This week, I trekked in from my home office in outer Brooklyn to Manhattan for two meetings: Monday, with Microsoft; and Tuesday, with John Hancock Financial Network.
At Microsoft, the idea was to learn about how the operating system Windows 8 would affect the insurance industry. With John Hancock, the focus was to be on the challenges of financial product distribution in the 21st century.
But both meetings ended up tending toward the same topic: the bring-your-own-device phenomenon. Microsoft's representatives touted the myriad of devices Windows 8 can run on — 1,500 by their count — as proof that no matter the desired or needed form factor, insurers could find a device that suited their employees.
And John Hancock's Bruce Harrington — a man holding the title "head of sales" — spoke less about closing deals and more about managing advisor expectations for tools on their preferred device.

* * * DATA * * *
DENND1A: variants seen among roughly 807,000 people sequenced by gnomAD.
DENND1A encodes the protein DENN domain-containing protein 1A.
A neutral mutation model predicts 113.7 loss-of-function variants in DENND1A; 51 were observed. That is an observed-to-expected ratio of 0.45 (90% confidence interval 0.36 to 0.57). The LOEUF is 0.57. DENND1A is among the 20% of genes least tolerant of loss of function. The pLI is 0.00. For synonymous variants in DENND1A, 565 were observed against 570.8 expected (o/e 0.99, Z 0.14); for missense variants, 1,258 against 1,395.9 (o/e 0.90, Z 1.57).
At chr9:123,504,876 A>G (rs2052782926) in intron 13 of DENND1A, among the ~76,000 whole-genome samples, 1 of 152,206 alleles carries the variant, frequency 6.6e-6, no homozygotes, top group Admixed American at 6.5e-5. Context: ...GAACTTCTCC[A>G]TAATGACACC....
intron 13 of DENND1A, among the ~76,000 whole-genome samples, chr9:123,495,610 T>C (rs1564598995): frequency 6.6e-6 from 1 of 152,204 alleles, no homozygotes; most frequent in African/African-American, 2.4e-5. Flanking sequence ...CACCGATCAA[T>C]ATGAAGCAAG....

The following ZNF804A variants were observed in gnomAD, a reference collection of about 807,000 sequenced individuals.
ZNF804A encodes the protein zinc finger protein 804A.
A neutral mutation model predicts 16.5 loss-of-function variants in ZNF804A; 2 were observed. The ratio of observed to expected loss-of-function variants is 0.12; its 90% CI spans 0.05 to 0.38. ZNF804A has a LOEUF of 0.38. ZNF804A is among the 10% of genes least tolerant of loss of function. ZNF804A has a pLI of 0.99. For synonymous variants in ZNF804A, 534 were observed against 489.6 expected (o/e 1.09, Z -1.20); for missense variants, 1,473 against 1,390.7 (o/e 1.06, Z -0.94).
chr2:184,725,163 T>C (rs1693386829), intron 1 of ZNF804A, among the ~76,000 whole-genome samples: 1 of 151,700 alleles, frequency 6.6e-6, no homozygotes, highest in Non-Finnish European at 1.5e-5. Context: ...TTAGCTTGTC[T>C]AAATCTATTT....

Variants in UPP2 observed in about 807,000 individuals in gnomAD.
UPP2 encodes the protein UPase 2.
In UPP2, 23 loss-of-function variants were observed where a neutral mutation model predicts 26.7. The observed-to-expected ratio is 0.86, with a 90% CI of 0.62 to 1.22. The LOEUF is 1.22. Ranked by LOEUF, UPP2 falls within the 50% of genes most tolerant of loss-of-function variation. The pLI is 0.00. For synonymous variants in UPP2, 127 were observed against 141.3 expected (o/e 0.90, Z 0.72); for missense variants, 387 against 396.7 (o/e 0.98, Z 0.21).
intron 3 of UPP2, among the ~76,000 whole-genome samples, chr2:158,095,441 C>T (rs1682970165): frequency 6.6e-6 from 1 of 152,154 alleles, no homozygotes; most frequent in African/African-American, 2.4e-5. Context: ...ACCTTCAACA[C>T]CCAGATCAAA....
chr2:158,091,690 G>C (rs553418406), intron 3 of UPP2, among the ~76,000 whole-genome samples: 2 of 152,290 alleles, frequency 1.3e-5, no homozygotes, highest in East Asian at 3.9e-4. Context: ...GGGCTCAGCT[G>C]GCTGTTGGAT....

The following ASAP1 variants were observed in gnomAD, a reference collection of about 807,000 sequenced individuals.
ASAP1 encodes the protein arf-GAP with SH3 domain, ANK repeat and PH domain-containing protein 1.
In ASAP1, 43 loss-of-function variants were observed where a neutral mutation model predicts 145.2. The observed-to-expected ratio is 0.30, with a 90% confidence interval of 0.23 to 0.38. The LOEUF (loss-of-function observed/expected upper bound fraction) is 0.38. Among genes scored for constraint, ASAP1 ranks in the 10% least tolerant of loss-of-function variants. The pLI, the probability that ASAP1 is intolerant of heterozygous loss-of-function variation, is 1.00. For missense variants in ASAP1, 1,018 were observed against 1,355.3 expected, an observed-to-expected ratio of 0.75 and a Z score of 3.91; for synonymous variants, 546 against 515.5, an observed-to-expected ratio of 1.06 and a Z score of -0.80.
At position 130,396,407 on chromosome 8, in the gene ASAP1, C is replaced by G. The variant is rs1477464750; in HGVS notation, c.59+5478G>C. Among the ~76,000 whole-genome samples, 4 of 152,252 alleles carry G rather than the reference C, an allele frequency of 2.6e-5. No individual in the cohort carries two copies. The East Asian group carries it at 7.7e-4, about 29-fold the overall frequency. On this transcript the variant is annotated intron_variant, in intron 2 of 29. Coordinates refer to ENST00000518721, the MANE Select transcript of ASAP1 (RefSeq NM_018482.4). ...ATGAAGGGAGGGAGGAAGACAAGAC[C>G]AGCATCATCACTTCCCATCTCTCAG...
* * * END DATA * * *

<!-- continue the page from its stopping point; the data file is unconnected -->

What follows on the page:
The big game-changer this year in enterprise mobile is undoubtedly the racheted-up acceptance of the tablet as a credible computing platform. Apple's iPad is still far preferred, but Microsoft obviously isn't ceding defeat. The coming Surface RT is touted as an enterprise-ready tablet, which will give business users the content creation capabilities they desire from the platform.
But as Harrington warns, you can't just change users' preferences overnight. Despite the fact that the iPad couldn't handle natively the engine John Hancock wanted to provide their advisors, the company went ahead with a lighter version of it, anticipating it would help take-up.
Next year, we'll get even more clarity on what the enterprise computing platforms of the future will look like, and who will own them. The best security, usability, and compatibility with legacy systems are all on the table for the tablet makers to fight out.